Arrow-right Camera
The Spokesman-Review Newspaper

The Spokesman-Review Newspaper The Spokesman-Review

Spokane, Washington  Est. May 19, 1883
Partly Cloudy Night 45° Partly Cloudy
News >  Spokane

Pandemic project: “The Mouse Who Wanted to Paint”

By Cindy Hval For The Spokesman-Review

When Mikel Reuter saw her neighbor Vicki West’s whimsical watercolor self-portrait in the fall of 2019, it captivated her imagination.

The painting features West peering at a tiny mouse holding a dripping paintbrush.

“I told her I wanted to write a story about that mouse,” Reuter said. “A year passed, and I always thought about him and wondered how did he get into her house?”

When shutdowns hit the state in the spring of 2020, she picked up her pen and began to write.

“I’ve always really liked writing,” she said. “I was a teacher for grades K through 3, and one of my favorite things was reading to children.”

In fact, when she retired she became a volunteer story lady for Spokane Public Libraries and was also a story lady at Woodridge Elementary. Writing a children’s book starring a curious mouse came naturally to her.

“I had the perfect mouse name, but so much time had passed I’d forgotten it,” Reuter said. “So he became Jasper.”

The story begins with Jasper living in an alley next to a restaurant. His mother had sent him out into the world to find his dream.

“Where can I find a dream?” Jasper wondered.

He sees Vicki painting in her gallery and that’s where Jasper discovers his dream. He wants to be an artist, just like Vicki. So, he sneaks into her bag and goes home with her.

“My favorite line in the book is ‘Vicki and Jasper became friends as people and animals often do,’ ” Reuter said.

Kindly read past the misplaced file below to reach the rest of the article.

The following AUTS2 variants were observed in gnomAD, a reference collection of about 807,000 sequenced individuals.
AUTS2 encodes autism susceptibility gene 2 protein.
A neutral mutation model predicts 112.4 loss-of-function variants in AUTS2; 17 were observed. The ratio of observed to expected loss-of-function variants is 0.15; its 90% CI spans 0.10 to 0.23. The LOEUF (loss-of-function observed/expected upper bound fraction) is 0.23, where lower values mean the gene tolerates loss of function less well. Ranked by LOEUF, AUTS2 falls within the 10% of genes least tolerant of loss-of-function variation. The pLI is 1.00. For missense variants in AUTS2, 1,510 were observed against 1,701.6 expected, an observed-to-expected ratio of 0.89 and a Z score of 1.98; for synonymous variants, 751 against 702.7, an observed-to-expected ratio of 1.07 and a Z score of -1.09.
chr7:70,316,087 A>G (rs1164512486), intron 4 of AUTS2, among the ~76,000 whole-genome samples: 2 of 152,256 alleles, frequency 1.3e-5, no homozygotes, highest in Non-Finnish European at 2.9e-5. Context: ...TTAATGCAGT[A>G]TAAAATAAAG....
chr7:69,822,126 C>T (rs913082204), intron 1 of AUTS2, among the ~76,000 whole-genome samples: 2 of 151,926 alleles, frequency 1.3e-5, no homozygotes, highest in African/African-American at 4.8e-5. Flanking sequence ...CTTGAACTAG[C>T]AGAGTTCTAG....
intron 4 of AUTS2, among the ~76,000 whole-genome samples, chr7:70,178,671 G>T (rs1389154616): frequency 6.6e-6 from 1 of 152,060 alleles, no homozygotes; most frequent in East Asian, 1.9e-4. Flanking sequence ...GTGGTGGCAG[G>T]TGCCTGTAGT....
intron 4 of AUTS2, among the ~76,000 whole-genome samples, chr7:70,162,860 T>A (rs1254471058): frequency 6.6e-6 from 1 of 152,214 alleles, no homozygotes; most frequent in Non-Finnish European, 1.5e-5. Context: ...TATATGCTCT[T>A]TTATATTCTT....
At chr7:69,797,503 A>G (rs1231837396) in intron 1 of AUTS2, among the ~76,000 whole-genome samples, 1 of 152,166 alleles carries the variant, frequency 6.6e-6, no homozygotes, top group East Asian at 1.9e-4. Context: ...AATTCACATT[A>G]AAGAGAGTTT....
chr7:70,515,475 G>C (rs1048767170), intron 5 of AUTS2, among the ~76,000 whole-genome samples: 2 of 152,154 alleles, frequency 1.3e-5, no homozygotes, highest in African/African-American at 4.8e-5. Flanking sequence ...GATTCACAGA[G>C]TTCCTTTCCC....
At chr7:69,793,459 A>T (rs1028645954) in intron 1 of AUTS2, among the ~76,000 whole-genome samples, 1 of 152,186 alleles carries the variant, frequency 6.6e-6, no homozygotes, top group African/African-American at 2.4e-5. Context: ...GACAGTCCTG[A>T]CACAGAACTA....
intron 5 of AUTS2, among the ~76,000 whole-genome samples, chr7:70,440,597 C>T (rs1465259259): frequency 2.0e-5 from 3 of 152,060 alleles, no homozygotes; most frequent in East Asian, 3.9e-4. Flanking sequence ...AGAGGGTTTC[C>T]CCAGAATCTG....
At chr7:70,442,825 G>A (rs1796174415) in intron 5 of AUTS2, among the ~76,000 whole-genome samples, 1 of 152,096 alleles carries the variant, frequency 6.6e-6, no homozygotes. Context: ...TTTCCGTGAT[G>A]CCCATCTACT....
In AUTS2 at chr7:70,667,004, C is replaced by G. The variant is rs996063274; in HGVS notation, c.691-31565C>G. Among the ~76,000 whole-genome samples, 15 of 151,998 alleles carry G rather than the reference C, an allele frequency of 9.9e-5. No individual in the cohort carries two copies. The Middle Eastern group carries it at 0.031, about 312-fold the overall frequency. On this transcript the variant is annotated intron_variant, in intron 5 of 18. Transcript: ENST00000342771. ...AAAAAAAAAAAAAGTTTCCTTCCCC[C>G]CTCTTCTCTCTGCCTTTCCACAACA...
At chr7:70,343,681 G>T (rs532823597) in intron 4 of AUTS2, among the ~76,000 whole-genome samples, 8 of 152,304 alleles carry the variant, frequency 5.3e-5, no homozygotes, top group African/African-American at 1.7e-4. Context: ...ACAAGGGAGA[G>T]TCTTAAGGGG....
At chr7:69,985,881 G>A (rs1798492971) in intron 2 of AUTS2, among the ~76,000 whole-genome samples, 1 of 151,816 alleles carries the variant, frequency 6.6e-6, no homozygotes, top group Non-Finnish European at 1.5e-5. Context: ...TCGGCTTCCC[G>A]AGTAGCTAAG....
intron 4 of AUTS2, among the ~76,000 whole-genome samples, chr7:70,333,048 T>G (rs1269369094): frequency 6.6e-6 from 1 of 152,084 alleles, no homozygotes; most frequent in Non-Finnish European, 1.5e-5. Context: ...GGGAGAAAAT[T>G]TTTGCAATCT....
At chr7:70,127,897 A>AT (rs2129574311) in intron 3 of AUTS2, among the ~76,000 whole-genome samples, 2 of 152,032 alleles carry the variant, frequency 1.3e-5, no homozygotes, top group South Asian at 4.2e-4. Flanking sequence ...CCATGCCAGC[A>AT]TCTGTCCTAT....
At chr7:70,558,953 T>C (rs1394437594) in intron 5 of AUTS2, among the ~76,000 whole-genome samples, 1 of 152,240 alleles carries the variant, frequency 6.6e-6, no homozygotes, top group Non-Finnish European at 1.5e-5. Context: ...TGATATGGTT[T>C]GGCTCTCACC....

West, a local artist, was delighted to illustrate the book that her painting had inspired. The pen and watercolor pictures bring Jasper and his friends (and enemies) to life.

“The story inspired every illustration,” West said. “Mikel’s story was very real to me. The illustrations just naturally evolved.”

Reuter enjoyed watching Jasper’s adventures unfold in picture form.

“Vicki implemented every single thing I saw in my mind,” she said.

The book was finished in June and published through Gray Dog Press in Spokane in early December.

As to why she chose to self-publish, Reuter was direct.

“I’m 79,” she said. “I didn’t want to wait for a traditional publisher – I wanted to see it, now!”

Knowing the value of hearing books read aloud, Reuter also recorded the book and included a QR code in it, so children can listen if there’s no adult available to read to them.

“Isaiah Moss (4am Studio) usually records hip-hop records and had never done a children’s book,” she said. “He went out of his way to help a little, old lady.”

Reuter said the message of the book is twofold; Jasper’s dream came true and so can yours and you have to work hard to attain your dream – it doesn’t just happen. A sequel may be in the cards.

“It’s perking,” she said.

For her, the best thing about the book is seeing its impact on children. The longtime volunteer at the American Cancer Society Discovery Shop on Garland has a special friendship with an 8-year-old boy who comes into the store with his mom.

“I had a copy of ‘The Mouse Who Wanted to Paint,’ when he came to the shop,” she said. “I showed him the pictures and paraphrased the story. As they walked out, he stopped, turned around and said, ‘That was a really good book.’ ”

Children and grownups can email Jasper the mouse at

The Spokesman-Review Newspaper

Local journalism is essential.

Give directly to The Spokesman-Review's Northwest Passages community forums series -- which helps to offset the costs of several reporter and editor positions at the newspaper -- by using the easy options below. Gifts processed in this system are not tax deductible, but are predominately used to help meet the local financial requirements needed to receive national matching-grant funds.

Active Person

Subscribe now to get breaking news alerts in your email inbox

Get breaking news delivered to your inbox as it happens.